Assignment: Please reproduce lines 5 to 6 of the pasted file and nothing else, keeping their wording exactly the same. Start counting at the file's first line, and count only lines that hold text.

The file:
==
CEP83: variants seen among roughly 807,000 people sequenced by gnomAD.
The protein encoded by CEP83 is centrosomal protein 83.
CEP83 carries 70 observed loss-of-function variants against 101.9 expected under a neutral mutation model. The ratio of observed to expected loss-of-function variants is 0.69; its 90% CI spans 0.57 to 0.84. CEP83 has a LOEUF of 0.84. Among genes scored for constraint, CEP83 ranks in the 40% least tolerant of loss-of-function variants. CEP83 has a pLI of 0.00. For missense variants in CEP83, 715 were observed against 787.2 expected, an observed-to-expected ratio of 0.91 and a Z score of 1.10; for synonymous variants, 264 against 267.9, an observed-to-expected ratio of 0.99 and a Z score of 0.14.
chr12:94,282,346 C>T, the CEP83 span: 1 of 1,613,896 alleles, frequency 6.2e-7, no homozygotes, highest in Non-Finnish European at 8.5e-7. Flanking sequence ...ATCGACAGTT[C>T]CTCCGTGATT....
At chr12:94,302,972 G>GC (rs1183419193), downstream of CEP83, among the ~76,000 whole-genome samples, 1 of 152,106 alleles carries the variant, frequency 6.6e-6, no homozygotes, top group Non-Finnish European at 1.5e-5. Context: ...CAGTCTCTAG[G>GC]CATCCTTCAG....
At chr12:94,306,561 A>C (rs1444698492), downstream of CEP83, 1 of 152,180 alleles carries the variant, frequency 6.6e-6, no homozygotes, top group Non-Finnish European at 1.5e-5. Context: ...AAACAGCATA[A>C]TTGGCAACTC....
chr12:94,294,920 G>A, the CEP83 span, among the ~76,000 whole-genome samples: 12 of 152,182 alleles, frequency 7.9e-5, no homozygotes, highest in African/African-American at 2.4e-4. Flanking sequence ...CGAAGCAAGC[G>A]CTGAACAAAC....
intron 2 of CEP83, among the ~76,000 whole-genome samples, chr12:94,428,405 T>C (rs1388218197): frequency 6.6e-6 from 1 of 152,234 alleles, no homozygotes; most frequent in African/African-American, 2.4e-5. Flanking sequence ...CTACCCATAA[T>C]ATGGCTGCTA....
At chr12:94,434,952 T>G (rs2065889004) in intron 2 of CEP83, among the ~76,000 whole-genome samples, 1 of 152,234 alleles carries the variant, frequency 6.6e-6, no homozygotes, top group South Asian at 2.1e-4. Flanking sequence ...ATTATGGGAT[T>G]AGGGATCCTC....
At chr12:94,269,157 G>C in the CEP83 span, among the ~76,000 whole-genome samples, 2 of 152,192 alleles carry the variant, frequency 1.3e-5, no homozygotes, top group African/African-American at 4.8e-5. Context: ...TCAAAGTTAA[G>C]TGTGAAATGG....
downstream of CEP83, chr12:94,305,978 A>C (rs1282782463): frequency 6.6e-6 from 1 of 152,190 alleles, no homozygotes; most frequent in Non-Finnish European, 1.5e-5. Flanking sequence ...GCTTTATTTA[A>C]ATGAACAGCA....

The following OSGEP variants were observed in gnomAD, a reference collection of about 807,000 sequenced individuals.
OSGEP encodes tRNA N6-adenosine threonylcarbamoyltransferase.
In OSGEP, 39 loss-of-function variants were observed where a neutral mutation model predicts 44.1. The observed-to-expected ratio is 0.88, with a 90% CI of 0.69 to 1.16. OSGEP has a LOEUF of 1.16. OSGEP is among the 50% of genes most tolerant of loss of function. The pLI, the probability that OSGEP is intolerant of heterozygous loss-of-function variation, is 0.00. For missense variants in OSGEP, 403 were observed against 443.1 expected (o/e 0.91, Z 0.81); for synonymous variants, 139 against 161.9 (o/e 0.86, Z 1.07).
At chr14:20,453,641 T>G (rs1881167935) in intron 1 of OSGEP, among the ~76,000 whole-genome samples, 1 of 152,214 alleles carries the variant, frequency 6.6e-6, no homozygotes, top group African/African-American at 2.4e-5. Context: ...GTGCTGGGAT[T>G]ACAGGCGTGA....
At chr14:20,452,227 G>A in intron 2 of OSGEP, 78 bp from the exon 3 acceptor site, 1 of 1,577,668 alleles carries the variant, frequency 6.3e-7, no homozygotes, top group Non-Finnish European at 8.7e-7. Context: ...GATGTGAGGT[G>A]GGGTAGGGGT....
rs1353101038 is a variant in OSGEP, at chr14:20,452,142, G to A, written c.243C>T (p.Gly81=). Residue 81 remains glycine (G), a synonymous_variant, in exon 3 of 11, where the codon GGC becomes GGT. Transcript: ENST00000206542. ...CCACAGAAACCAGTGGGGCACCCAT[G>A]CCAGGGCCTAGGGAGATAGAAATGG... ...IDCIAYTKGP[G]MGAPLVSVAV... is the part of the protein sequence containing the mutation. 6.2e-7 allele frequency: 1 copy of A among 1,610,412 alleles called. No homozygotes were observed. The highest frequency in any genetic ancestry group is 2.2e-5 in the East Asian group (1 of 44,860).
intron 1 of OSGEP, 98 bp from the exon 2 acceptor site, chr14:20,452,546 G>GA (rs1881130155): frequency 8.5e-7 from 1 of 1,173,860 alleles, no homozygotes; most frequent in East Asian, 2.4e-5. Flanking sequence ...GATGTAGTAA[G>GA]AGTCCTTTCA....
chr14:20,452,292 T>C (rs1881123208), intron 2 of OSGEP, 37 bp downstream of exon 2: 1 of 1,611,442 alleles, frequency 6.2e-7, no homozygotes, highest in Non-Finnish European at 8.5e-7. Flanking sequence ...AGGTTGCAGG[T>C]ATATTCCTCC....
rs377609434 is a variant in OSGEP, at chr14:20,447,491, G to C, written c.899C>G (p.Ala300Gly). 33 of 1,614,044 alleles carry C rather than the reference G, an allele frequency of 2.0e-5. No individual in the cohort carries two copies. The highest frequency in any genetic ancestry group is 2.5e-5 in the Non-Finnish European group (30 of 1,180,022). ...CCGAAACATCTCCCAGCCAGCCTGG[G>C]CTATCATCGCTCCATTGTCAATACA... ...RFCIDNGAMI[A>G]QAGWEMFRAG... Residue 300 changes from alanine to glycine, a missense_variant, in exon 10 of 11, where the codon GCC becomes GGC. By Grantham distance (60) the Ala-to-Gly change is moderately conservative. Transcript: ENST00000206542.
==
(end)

At chr12:94,302,972 G>GC (rs1183419193), downstream of CEP83, among the ~76,000 whole-genome samples, 1 of 152,106 alleles carries the variant, frequency 6.6e-6, no homozygotes, top group Non-Finnish European at 1.5e-5. Context: ...CAGTCTCTAG[G>GC]CATCCTTCAG....
At chr12:94,306,561 A>C (rs1444698492), downstream of CEP83, 1 of 152,180 alleles carries the variant, frequency 6.6e-6, no homozygotes, top group Non-Finnish European at 1.5e-5. Context: ...AAACAGCATA[A>C]TTGGCAACTC....